Bob Zwick, the ‘Fox of Gangland,’ terrorized southwest Ohio in the 1920s and ’30s

Before Robert “Bob” Zwick was captured in 1933, he was considered Ohio’s most notorious gunman.

The prohibition-era gangster was known as the “Fox of Gangland” because time and again police thought they had him cornered only to find he had slipped away.

Zwick was the most sought-after criminal in Ohio and Northern Kentucky during a five-year stretch.

A constant string of rumors linked him to many unsolved crimes across the region in one of the most infamous careers in southwest Ohio history.

Life before crime

Zwick and some of his seven brothers worked for the B&O railroad. Bob and his brother Nick were both boilermakers.

At the start of the World War I, Zwick left the railroad and enlisted in the Navy. He served on several vessels and was given an honorable discharge at the end of the war.

He returned to the railroad after the war but was laid off around 1923 when work slowed.

Soon after, Zwick started getting into trouble while bootlegging and doing other small crimes.

Pelican Club poolroom incident

On Easter eve in 1928, Zwick’s life would forever change when he participated in a holdup in the North College Hill neighborhood of Cincinnati.

Zwick and four other men entered the Pelican Club poolroom and lined everyone up and went through their pockets for valuables and money. When village Marshal Peter Dumele walked in, they told him to also raise his hands. Instead, he went for his gun, and the men fired back.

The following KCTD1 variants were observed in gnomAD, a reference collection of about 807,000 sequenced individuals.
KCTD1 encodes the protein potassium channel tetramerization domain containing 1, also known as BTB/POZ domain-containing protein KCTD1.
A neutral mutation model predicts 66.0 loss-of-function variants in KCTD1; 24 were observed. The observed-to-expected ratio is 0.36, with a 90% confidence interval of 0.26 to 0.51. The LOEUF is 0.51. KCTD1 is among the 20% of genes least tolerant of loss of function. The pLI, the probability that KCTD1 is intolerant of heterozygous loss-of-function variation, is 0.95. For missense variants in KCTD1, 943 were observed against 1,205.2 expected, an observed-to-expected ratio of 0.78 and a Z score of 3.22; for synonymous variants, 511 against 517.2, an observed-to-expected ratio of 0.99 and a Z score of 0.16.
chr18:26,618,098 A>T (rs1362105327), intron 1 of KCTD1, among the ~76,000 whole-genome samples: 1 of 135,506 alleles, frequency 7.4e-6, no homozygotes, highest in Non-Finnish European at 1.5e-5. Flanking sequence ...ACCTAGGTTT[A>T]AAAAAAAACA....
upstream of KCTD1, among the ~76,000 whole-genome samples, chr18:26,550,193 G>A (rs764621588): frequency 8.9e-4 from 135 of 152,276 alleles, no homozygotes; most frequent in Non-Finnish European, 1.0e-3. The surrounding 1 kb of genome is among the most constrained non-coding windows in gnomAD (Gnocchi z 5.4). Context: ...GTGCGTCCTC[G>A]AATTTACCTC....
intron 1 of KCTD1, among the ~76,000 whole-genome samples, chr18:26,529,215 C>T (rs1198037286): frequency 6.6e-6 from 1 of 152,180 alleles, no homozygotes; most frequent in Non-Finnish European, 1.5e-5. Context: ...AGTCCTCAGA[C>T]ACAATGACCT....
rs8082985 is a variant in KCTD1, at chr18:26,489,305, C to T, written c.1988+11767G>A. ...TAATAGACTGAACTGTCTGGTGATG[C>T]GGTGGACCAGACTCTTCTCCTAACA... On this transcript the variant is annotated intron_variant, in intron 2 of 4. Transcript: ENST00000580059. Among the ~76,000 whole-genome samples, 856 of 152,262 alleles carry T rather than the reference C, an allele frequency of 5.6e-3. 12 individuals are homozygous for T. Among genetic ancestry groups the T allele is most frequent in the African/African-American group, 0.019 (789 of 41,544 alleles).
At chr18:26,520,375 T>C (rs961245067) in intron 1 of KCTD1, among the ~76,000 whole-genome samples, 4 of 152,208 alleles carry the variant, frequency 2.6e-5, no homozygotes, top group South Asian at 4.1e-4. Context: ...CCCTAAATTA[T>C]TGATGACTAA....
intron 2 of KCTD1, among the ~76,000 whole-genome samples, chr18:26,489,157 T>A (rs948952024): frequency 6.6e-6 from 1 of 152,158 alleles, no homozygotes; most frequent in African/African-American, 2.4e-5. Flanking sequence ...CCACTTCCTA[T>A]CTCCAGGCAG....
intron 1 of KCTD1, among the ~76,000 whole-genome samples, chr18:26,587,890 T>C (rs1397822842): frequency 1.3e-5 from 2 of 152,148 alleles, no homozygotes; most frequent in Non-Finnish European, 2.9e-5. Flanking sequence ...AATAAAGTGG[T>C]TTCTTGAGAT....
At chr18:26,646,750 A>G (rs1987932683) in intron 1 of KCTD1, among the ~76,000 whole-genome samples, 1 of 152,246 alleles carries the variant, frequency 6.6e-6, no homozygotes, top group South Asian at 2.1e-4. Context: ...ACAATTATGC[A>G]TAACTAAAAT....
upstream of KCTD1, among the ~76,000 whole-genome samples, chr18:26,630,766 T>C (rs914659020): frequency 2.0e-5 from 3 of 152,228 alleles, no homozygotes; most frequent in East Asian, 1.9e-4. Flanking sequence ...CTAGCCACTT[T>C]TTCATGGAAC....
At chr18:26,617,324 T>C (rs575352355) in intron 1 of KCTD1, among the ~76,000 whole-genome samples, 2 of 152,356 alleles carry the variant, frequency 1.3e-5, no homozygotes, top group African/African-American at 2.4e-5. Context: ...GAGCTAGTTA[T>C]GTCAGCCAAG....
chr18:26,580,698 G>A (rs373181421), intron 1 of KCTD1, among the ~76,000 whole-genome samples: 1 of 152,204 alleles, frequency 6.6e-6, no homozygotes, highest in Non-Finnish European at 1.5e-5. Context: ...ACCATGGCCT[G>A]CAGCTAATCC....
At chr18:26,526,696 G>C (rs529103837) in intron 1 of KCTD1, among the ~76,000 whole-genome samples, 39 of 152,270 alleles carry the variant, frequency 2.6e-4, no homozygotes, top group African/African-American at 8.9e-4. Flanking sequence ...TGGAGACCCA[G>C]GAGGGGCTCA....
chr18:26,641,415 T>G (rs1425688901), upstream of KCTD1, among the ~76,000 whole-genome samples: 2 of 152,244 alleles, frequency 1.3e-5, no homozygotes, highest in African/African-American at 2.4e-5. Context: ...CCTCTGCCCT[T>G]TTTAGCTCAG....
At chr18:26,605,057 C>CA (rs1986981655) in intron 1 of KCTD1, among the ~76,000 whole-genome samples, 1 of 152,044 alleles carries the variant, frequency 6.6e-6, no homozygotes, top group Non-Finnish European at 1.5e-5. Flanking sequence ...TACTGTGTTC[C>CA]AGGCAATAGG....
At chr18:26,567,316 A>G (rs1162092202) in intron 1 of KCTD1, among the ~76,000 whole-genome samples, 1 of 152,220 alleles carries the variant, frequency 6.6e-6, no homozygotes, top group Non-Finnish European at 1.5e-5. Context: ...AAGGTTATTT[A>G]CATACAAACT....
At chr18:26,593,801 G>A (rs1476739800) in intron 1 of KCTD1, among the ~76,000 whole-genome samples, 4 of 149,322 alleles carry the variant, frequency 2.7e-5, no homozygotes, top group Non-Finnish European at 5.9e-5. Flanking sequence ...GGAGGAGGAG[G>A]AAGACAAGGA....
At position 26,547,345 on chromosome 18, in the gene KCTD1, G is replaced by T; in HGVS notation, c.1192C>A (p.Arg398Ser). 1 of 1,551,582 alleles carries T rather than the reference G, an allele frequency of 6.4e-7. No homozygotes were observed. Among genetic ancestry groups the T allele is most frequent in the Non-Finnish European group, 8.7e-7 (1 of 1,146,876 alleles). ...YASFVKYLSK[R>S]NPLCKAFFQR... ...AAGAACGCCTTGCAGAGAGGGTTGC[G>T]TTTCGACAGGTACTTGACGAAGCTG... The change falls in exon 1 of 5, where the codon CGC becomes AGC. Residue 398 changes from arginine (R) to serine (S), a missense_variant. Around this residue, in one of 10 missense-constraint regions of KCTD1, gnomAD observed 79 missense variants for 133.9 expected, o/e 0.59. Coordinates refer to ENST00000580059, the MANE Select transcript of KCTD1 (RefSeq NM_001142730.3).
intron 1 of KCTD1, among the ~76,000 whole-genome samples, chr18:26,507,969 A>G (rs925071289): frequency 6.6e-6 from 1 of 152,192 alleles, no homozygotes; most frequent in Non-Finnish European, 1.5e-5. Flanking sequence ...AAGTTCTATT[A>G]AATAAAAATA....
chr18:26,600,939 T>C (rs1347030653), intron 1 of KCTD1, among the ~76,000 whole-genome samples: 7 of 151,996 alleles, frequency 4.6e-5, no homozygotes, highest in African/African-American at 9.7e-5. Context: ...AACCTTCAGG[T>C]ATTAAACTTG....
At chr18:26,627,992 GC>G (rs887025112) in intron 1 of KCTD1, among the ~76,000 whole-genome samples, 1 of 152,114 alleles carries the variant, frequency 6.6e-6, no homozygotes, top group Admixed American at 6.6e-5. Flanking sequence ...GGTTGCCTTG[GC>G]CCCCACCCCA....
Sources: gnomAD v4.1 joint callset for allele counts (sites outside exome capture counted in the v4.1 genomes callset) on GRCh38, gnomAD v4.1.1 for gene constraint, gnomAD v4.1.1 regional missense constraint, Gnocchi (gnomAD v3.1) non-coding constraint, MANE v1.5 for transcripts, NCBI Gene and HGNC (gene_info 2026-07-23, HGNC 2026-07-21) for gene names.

The men killed Dumele, shot another man and then left the scene.

Within months, the four men with Zwick were all caught, or killed.

• Rodney Ford was arrested in Zwick’s car. He was later electrocuted.

• John “Toddy” Messner was arrested and received a life sentence.

• Breck Lutes was also arrested and received a life sentence.

• Jack Parker was slain and found on a road near Lebanon.

The witness

Robert Andres, who was at the Pelican Club poolroom at the time of the crime, identified Ford as one of the bandits.

Before he could testify at trial, his charred body was found. He had been shot and slashed with a knife, and he had his tongue cut out before being burned. Zwick was immediately assumed to be the culprit.

After killing Andres, Zwick found refuge in the underworld of Hamilton.

Shootout in Hamilton

In Hamilton, Zwick had a rival, another bootlegger named George Murphy.

Murphy was found murdered in an alley at Sixth and Heaton streets in Hamilton along with his girlfriend, Pauline Wilson. Murphy’s body was riddled with machine gun fire, and Zwick was the main suspect.

In 1929, members of Murphy’s former gang attempted to assassinate Zwick and shot up the his car with more than 40 bullets.

Zwick was driving the car with passenger and fellow bootlegger Joe “Turkey Joe” Jacobs along Symmes Corner Road in Hamilton when they were ambushed.

Zwick is said to have stumbled from the car and escaped even though he had been shot in the head, hand and hip. A doctor in northern Kentucky later admitted to treating him.

Rose Myers

Rose Calandrilo was Zwick’s long time girlfriend. She traveled and lived with him during the full course of his crime career, helping him escape many times.

The two lived in Ohio, Michigan, Florida and Indiana and were regularly on the move.

Time in Dayton

Zwick made Dayton his headquarters for much of 1929 and 1930.

During that time, he was a suspect in four bank robberies at Germantown Bank, Somerville National Bank, Mason Bank and Phillipsburg State Bank.